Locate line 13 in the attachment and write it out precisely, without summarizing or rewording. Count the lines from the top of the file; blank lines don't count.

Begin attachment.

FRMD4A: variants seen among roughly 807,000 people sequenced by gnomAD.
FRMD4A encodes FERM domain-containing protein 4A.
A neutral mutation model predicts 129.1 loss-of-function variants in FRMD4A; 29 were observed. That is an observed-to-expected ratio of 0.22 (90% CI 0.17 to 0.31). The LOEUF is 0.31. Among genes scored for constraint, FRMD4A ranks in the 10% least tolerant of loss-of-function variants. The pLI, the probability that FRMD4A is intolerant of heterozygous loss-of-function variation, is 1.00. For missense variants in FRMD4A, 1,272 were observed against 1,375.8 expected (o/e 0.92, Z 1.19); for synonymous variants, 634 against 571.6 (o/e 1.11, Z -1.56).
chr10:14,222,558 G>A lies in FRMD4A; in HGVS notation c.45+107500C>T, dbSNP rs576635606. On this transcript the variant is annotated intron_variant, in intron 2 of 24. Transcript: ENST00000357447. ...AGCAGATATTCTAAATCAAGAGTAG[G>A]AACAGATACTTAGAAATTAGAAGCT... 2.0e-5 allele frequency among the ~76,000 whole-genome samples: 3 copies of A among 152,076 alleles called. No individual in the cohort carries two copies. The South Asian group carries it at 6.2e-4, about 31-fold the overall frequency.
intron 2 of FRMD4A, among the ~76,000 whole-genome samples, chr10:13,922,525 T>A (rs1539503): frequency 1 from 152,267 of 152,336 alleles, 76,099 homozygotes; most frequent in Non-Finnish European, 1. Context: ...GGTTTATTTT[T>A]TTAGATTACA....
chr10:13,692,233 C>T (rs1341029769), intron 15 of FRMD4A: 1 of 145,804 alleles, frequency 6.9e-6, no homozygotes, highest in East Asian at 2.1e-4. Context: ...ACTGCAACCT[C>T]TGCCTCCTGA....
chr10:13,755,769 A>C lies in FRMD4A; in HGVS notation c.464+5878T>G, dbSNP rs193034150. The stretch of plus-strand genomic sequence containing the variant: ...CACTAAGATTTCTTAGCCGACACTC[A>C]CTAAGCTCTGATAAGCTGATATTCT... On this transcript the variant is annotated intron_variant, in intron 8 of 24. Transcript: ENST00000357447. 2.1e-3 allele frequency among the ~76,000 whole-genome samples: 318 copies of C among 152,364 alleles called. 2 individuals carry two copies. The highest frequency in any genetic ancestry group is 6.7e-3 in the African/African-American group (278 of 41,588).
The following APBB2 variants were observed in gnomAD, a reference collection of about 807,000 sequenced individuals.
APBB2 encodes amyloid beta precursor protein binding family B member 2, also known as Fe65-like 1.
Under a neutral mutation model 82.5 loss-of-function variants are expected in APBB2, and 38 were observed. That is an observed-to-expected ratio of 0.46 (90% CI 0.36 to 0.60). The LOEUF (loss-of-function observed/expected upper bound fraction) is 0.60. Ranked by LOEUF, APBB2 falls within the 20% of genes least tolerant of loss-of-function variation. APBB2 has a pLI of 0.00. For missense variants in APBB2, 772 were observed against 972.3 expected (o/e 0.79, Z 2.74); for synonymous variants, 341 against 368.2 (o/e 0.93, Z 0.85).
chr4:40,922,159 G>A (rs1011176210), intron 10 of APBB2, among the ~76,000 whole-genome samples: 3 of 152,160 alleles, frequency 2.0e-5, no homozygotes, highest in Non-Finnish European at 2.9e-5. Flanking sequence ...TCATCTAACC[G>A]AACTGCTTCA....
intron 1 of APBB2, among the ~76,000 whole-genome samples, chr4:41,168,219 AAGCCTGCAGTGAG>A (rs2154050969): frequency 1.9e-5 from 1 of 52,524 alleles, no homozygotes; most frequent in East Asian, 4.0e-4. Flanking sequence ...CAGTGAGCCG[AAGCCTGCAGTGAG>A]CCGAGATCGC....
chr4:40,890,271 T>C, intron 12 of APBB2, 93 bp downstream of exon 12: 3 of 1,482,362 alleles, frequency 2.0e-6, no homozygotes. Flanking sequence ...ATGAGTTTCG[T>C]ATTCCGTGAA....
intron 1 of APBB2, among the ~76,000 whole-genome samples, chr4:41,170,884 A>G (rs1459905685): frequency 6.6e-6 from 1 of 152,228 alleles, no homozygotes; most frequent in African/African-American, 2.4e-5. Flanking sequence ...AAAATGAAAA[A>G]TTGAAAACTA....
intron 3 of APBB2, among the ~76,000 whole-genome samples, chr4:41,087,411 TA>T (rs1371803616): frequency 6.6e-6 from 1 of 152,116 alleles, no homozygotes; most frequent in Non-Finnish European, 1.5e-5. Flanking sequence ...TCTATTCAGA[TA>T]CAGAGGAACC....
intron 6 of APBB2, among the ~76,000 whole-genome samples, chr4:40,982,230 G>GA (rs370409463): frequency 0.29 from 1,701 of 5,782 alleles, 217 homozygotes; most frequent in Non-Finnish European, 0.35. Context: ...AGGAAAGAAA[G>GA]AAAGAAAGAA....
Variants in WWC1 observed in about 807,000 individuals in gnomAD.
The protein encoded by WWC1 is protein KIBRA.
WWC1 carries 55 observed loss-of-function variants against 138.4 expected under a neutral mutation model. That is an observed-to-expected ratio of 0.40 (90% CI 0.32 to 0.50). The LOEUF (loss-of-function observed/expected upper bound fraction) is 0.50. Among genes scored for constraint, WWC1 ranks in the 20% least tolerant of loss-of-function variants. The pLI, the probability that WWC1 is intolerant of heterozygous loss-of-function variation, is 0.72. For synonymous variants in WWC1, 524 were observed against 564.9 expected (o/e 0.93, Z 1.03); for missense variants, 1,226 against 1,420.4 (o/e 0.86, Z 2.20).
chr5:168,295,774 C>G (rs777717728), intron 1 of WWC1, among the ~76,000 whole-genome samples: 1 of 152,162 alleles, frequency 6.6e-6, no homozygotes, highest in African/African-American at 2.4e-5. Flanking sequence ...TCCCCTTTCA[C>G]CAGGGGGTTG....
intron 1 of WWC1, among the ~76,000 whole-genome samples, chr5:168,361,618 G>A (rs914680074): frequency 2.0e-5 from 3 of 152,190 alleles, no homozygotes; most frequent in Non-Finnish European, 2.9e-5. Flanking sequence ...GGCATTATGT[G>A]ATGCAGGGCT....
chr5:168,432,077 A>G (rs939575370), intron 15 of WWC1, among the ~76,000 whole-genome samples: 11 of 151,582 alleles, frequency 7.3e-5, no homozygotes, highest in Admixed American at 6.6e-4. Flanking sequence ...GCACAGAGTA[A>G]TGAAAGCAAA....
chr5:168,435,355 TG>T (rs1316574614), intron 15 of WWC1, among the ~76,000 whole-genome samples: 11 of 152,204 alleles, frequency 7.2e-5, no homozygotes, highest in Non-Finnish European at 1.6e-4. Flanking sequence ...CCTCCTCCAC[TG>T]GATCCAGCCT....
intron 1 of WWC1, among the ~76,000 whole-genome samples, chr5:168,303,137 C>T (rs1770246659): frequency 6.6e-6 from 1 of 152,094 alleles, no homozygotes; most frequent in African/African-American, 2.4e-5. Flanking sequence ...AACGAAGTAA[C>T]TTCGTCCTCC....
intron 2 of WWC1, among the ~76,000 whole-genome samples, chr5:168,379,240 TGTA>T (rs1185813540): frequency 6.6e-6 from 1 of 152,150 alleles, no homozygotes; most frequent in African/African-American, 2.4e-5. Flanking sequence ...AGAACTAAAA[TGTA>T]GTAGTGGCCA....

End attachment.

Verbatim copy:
chr4:40,890,271 T>C, intron 12 of APBB2, 93 bp downstream of exon 12: 3 of 1,482,362 alleles, frequency 2.0e-6, no homozygotes. Flanking sequence ...ATGAGTTTCG[T>C]ATTCCGTGAA....